Reattaching people to their economics is the crucial first step. Just as engineering utilizes the science of the planet, economics needs to be constructed according to a better understanding of people. Attaching the ‘sub-discipline’ of current economic study to all the other social sciences (psychology, sociology, anthropology, ethics, human geography, law and politics) would create a much more useful interdisciplinary degree, which is bound to improve ‘big picture’ decision-making for future generations.
Secondly, as the rich are allowed to gamble with all their excess money, detached from the real economy, a disturbing development has predictably begun to transpire, where the rich make money as the real economy is either stagnant or tanking. If this were to continue, at some point, the winning gambler may be able to buy the entire planet for pennies on the dollar. Labor – or effort – is the only thing that produces goods and services; when excess money is allowed to accumulate in one person’s hands, this now represents money gained through no effort, and idle hands with money stuffed into them will invariably do the devil’s work.
One thing the wealthy possess – that the 99% do not – is the opportunity to invest in something larger than themselves. Forget about making money off of money; the 99% would be fine simply to invest in themselves as a whole – the human ‘assets’ that, through labor (effort) produce all the tangible goods and services in the real economy. Again, the answer to controlling the money supply, in order to avoid a hostile takeover of the earth’s physical resources, is a National Public Bank.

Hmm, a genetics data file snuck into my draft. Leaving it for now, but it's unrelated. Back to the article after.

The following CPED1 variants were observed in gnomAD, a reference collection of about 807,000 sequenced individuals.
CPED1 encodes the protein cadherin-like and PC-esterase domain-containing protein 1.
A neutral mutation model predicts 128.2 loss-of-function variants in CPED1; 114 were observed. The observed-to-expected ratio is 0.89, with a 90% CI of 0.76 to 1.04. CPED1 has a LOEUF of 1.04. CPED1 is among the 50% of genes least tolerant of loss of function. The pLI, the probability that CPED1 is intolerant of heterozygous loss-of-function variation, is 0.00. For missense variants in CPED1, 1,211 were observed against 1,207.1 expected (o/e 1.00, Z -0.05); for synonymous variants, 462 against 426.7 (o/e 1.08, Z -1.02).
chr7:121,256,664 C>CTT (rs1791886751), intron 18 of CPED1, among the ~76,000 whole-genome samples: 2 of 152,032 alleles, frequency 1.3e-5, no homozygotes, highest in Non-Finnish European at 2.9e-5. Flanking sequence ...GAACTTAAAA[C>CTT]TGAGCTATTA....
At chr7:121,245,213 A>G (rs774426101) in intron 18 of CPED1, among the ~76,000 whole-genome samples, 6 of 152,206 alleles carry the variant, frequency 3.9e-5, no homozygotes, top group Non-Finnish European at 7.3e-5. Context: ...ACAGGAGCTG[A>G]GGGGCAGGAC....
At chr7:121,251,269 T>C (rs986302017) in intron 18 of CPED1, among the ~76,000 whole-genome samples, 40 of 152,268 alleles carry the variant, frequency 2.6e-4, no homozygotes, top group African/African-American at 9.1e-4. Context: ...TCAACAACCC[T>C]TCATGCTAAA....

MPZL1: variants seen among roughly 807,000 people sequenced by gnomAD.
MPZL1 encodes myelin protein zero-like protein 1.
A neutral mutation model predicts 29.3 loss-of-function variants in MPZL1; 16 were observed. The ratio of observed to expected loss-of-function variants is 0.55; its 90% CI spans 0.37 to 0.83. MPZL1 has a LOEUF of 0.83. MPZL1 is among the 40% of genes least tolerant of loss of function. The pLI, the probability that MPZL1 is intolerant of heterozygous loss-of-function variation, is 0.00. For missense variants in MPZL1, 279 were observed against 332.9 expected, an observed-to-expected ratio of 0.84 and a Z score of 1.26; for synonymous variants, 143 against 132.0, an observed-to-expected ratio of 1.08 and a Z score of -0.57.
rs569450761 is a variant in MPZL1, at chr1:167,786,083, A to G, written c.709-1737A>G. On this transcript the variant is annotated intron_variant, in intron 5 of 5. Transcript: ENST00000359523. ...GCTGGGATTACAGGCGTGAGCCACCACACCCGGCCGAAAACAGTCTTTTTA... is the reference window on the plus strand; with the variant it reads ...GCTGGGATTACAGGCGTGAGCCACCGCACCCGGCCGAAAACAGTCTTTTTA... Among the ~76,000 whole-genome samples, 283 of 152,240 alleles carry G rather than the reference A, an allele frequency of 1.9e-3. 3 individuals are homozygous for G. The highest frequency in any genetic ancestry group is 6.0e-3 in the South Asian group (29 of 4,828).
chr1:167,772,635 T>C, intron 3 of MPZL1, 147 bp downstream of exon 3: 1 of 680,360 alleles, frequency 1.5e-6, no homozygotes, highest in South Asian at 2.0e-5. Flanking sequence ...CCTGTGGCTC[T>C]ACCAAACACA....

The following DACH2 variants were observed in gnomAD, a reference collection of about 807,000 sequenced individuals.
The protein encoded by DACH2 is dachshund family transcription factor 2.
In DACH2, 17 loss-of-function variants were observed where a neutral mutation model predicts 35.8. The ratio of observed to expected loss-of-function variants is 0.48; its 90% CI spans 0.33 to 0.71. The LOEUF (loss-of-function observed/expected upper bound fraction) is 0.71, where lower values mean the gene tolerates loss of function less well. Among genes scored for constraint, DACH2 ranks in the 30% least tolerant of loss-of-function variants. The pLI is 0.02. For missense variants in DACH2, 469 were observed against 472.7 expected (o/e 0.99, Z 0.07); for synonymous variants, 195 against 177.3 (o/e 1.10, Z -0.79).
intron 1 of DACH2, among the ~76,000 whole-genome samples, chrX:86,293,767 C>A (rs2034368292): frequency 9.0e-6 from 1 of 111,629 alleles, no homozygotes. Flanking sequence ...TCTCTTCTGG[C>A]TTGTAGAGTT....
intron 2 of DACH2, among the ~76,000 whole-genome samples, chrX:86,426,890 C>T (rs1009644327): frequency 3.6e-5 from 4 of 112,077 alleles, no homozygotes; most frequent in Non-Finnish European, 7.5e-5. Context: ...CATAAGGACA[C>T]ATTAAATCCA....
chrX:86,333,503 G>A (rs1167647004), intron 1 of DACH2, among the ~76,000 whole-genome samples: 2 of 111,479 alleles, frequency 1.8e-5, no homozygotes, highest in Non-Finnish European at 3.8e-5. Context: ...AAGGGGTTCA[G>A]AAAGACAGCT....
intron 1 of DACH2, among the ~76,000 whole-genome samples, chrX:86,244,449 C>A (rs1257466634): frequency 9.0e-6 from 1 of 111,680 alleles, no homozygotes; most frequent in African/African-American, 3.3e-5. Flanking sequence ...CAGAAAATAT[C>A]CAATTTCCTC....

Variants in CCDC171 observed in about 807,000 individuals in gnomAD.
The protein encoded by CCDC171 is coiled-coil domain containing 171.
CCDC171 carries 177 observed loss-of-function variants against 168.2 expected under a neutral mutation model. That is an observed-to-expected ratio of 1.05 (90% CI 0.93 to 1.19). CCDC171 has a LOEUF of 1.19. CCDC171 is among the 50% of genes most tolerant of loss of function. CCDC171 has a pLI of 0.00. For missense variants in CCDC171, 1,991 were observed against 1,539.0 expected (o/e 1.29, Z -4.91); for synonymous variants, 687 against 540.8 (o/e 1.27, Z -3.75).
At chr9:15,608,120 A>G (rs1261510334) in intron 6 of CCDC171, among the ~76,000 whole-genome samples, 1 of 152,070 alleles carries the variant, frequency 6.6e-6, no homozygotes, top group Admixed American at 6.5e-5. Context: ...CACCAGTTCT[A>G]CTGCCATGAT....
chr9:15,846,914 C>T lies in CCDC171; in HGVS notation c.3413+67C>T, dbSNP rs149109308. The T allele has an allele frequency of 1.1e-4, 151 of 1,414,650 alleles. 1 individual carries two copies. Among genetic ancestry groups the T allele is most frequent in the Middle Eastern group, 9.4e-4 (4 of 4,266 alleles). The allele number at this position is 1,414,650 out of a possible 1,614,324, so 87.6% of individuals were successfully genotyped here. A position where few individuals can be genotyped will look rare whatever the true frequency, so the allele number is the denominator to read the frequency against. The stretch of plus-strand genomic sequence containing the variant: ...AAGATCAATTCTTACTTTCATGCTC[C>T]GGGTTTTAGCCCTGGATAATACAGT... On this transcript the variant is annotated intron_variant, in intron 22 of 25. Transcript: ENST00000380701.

The ultimate goal of a National Public Bank should be to control the creation of all the Money stock available; only then could We the People charge economic ‘rent’ on the complete money supply (through ‘interest’) and in a Georgist kind of way, reap the shared value of this ‘unnatural’ resource. Coupled with a Land / Mineral / Resource Value Tax – another idea Stiglitz endorses, all people could then own a modest ‘share’ in the overall resources – both natural and unnatural – to which our government has claimed a sovereign right. Really, what’s the point of having a government – or a nation – if it does not serve the interests of all people under its jurisdiction? One only needs to read the second paragraph of our very own Declaration of Independence in order to know what we should do next.
Other Works By Joseph E. Stiglitz
- People, Power, and Profits
- The Price of Inequality
- Economics of the Public Sector
- ReWriting the Rules of the European Economy
- Globalization and Its Discontents
- The Great Divide
- Creating a Learning Society
- Measuring What Counts
- “A Chance to Repair the Cracks in Our Democracy”
- “Don’t Feel Like a Recession? You Should be Paying More in Taxes”
- “Republicans, not Biden, are About to Raise Your Taxes”
- “The Rolling Stone Interview”
- “Interview with Federal Reserve”
- “Repairing the Future”
- “Nobel Prize Interview“
- “People, Power, and Profits”
- “What’s Next for the Economy?”